Social Security Disability Definitions
Social Security Disability and SSI Overview
The Requirements for Disability
Social Security Disability and SSI Applications
Tips and Advice for Disability Claims
How long does Disability take?
Common Mistakes after Receiving a Disability Denial
Disability Denials and Filing Appeals
Social Security Mental Disability Benefits
Disability Benefits offered through Social Security
Benefits through SSI disability
Disability Benefits for Children
Disability Qualifications and How to Qualify
Social Security Disability and Working
Winning your Disability Benefits
Social Security Back Pay and the disability award notice
Disability Lawyers and Hiring an Attorney
Social Security Disability SSI List of Conditions
What is considered a Disabling condition by Social Security?
Social Security Disability SSI and Medical Evidence
Filing for Disability Benefits
Eligibility for Disability Benefits
SSDRC authored by Tim Moore
Ask a question, get an answer
Is Bipolar Disorder a disability according to Social Security?
How to prove you are disabled
and win disability benefits
Bipolar Disorder is considered a severe condition by Social Security, and it may be considered a disability under Social Security guidelines. Social Security considers Bipolar Disorder a disability when it has prevented you from working for the past twelve months or is expected to prevent you from working for twelve months.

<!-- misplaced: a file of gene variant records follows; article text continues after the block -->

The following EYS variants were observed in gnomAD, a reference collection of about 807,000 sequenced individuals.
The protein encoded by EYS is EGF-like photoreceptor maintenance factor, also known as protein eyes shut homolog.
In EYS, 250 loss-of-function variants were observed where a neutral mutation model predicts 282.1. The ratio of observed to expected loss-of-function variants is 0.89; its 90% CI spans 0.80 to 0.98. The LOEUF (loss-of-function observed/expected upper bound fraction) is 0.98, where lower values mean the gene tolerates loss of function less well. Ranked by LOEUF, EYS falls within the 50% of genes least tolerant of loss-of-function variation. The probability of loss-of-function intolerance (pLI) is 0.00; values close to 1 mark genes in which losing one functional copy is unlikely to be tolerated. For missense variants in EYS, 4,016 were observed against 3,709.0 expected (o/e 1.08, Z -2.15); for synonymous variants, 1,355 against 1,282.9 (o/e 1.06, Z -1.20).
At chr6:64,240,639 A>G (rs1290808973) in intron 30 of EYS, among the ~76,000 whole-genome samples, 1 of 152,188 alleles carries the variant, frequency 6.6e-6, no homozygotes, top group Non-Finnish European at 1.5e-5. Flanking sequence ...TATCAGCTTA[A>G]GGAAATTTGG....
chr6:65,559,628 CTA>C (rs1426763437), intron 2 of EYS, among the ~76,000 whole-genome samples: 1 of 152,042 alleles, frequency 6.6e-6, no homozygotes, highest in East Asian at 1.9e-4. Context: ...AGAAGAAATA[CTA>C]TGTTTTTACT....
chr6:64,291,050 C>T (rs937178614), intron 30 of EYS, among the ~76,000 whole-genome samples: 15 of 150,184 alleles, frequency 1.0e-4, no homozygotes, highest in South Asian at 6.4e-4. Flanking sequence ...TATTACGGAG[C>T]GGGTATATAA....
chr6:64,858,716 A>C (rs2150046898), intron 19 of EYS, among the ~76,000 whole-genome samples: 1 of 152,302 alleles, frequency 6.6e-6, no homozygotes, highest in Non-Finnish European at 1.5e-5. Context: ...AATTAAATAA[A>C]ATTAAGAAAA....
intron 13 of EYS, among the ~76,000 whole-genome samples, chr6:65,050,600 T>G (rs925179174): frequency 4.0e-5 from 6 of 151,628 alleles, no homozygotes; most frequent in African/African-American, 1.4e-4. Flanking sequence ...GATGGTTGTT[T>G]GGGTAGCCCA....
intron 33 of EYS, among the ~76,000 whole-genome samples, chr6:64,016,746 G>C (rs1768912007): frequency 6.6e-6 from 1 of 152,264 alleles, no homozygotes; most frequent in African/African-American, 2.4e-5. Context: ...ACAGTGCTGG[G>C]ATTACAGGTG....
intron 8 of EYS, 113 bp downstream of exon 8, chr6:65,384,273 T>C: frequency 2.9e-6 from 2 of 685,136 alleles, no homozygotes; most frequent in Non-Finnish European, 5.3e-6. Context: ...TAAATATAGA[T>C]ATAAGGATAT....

When you file for disability on the basis of Bipolar disorder, it is important to have a thoroughly documented mental health history, including hospitalizations, therapy and medications (and a medical history that shows you have been compliant with your medications, i.e. have taken them as prescribed).
Why is it important to have a documented mental health history?
Social Security disability needs to be able to evaluate how Bipolar Disorder has affected your ability to participate in daily activities including work activities; therefore, medical decisions are based on medical records and various disability forms and information provided by your physicians (medical records), third party persons (sometimes, a relative or neighbor will be contacted regarding your daily activities and what you are noticeably capable of doing), and yourself.
Return to: Social Security Disability Resource Center, or read answers to Questions
Information on the following topics can be found here: Social Security Disability Questions
Social Security Disability SSI decisions | The Disability Decision Process and What gets taken into Consideration | Getting Denied for Disability Benefits | Questions about Social Security Disability Approvals and Being Approved | Social Security Disability Hearings | Social Security Medical Examinations | Social Security SSI Doctors | Social Security Disability Representation | Social Security Disability SSI Reviews